Activist assumptions about low-income nutrition don’t pan out
The “obesity epidemic” is often used to justify myriad new regulations targeting certain types of food and restaurants. Yet these regulatory efforts really have less to do with making people healthy than increasing government control over how private businesses run their companies and how citizens run their private lives.
In the war on obesity, fast food restaurants have absorbed most of the attacks. In San Francisco and New York City, toys are banned in fast food kid’s meals — the theory being that children only want fast food for the toys; minus toys, children will immediately begin requesting hummus and carrot sticks. Another regulation requires fast food restaurants to put calorie information on their menus under the theory that when people see their favorite burger has 800-plus calories, they’ll jog to the nearest salad bar.
In Los Angeles, a city council member — who clearly doubts her constituents’ ability to exhibit any self-control — has gone a step further and introduced legislation to ban the construction of new fast food restaurants in her district.
Some Americans concerned about their neighbors’ health may applaud such efforts, but the science simply does not back up the presumption of a link between obesity and fast food. In fact, in a 2010 report examining the issue, researchers found that when consumers eat fast food, they often eat less the rest of the day, which offsets their overall daily calorie intake. The report also revealed that obese people consume most of their calories at home, not at restaurants. Another study released last year examined the eating habits of 5,000 Californians and found that as their income increased, so did their consumption of fast food meals — so much for the urban legend that the poor are the primary consumers of fast food.
Despite this information, food activists and regulators continue to portray low-income Americans as helpless when faced with the power of fast food and desperately in need of government action to prod them toward “healthy” food decisions. Food activists suggest that the reason poor families turn to fast food is because they are so overburdened by multiple jobs and lack the time and money to make simple, healthy meals. More insultingly, some food activists claim, without embarrassment, that lowincome individuals simply don’t understand the easy-to-read nutrition labels on the back of food packages and that’s why they choose candy over grapes. Clearly, for many interested in “helping” low-income Americans, poverty simply equals stupidity.
Research released last month, however, appears to spoil their rhetorical — and patronizing — soup.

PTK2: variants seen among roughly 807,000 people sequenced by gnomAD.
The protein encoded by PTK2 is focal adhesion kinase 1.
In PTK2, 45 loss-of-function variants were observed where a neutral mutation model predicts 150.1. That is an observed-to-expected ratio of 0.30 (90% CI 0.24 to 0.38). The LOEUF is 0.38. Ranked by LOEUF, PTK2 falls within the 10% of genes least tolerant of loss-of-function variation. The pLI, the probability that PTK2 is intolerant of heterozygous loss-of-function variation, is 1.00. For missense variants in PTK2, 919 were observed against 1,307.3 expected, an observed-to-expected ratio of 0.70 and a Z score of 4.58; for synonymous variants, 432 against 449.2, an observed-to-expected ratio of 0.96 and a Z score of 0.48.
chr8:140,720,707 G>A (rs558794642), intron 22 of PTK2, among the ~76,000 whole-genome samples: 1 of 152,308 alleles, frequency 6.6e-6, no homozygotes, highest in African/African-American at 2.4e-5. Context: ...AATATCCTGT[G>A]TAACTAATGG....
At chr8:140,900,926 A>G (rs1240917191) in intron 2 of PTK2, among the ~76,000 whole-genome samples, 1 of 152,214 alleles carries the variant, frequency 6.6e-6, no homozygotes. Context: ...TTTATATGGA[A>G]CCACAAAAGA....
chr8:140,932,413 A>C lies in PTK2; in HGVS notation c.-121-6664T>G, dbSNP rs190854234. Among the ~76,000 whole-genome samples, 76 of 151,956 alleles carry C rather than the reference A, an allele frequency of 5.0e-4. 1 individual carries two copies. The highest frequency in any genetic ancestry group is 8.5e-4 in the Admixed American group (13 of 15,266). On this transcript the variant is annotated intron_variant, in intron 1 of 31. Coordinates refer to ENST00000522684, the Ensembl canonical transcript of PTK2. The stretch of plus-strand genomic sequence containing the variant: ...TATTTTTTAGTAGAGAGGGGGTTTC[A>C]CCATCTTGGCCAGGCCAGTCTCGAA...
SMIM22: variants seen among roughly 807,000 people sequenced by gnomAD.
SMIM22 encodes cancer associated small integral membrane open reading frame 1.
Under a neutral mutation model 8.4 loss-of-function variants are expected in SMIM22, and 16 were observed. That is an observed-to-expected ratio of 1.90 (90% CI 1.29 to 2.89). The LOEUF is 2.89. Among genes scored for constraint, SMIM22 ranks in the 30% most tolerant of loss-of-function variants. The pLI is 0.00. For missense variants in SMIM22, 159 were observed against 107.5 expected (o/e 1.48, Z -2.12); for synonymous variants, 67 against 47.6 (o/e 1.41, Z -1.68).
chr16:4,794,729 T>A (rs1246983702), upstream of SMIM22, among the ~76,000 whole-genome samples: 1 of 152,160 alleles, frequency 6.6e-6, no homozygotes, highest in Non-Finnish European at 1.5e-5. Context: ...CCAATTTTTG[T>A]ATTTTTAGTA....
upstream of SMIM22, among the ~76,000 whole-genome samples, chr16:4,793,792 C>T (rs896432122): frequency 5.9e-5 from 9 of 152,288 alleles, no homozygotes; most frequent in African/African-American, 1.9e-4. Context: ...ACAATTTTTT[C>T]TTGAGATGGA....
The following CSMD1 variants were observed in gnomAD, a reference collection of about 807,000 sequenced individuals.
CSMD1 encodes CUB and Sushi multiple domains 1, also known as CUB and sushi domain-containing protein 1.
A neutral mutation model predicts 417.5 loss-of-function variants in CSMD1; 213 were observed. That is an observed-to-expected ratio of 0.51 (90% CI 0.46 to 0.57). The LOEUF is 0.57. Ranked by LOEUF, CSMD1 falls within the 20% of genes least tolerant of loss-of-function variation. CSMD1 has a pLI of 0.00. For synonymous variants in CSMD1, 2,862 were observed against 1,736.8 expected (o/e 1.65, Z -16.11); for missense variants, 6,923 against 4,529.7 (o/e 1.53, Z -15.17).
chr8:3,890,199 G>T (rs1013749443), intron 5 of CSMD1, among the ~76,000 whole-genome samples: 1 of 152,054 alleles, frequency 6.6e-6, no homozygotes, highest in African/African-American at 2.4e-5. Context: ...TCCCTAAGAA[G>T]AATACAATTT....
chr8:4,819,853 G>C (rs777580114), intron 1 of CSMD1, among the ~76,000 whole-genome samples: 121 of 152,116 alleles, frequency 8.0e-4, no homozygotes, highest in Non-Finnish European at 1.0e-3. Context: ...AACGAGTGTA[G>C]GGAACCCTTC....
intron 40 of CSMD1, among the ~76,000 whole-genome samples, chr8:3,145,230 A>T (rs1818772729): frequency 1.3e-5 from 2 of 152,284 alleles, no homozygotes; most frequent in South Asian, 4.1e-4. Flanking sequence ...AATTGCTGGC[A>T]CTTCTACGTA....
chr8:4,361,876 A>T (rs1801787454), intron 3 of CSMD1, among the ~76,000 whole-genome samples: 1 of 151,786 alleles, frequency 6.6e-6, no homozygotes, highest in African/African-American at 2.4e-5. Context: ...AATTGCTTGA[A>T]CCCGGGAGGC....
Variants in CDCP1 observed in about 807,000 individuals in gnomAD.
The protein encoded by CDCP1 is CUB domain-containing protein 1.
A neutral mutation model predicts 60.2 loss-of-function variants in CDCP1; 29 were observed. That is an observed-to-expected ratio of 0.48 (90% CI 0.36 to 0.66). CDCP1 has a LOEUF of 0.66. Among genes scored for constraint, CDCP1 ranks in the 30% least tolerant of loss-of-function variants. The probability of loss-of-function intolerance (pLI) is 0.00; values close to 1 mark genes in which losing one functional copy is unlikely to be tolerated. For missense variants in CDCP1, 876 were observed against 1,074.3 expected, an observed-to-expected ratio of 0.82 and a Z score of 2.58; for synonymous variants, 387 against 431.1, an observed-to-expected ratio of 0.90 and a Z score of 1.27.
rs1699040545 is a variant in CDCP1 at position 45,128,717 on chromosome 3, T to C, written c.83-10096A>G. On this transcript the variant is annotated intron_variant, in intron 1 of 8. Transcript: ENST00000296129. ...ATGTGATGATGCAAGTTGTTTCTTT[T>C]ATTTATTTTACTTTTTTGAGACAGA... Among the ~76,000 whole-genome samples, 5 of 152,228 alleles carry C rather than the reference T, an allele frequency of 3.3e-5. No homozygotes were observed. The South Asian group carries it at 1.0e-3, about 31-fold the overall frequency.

Share Our Strength, one of the nation’s most respected antihunger organizations, released a provocative new report: “It’s Dinnertime: A Report on Low-income Families’ Efforts to Plan, Shop for, and Cook Healthy Meals,” which shows low-income Americans are far more independent and aware of the food choices than the food nanny statists would have us all believe.
Among the surprising findings is that 8 in 10 low-income families make dinner at home and from scratch at least five times a week. Families only eat fast food on average one night a week. The report also shows that while some families do struggle to cook healthy meals every night (what family doesn’t?), a whopping 85 percent of low-income families polled said they want to make healthy meals and believe eating healthy is realistic for them. The Share Our Strength study is just the latest in a growing body of research that shatters the assumptions we have about low-income families’ eating habits.
So why do the poor suffer from obesity at higher rates than higherincome people? Clearly, the jury is out on that question. But one thing is for sure: Eating food that tastes good is a relatively cheap pastime, say, compared to sailing, golfing or going to the gym. Human beings seek pleasure no matter their economic status and some people might simply choose to live with the physical consequences of that choice.
Personal choice is a bitter pill for food activists, regulators and big-government enthusiasts who prefer to blame the obesity “epidemic” on big business — like fast food chains — and portray poor Americans as children in desperate need of rescue from their uncontrollable food urges. As this latest study shows though, low-income Americans are perfectly capable of taking care of themselves and their family’s food needs.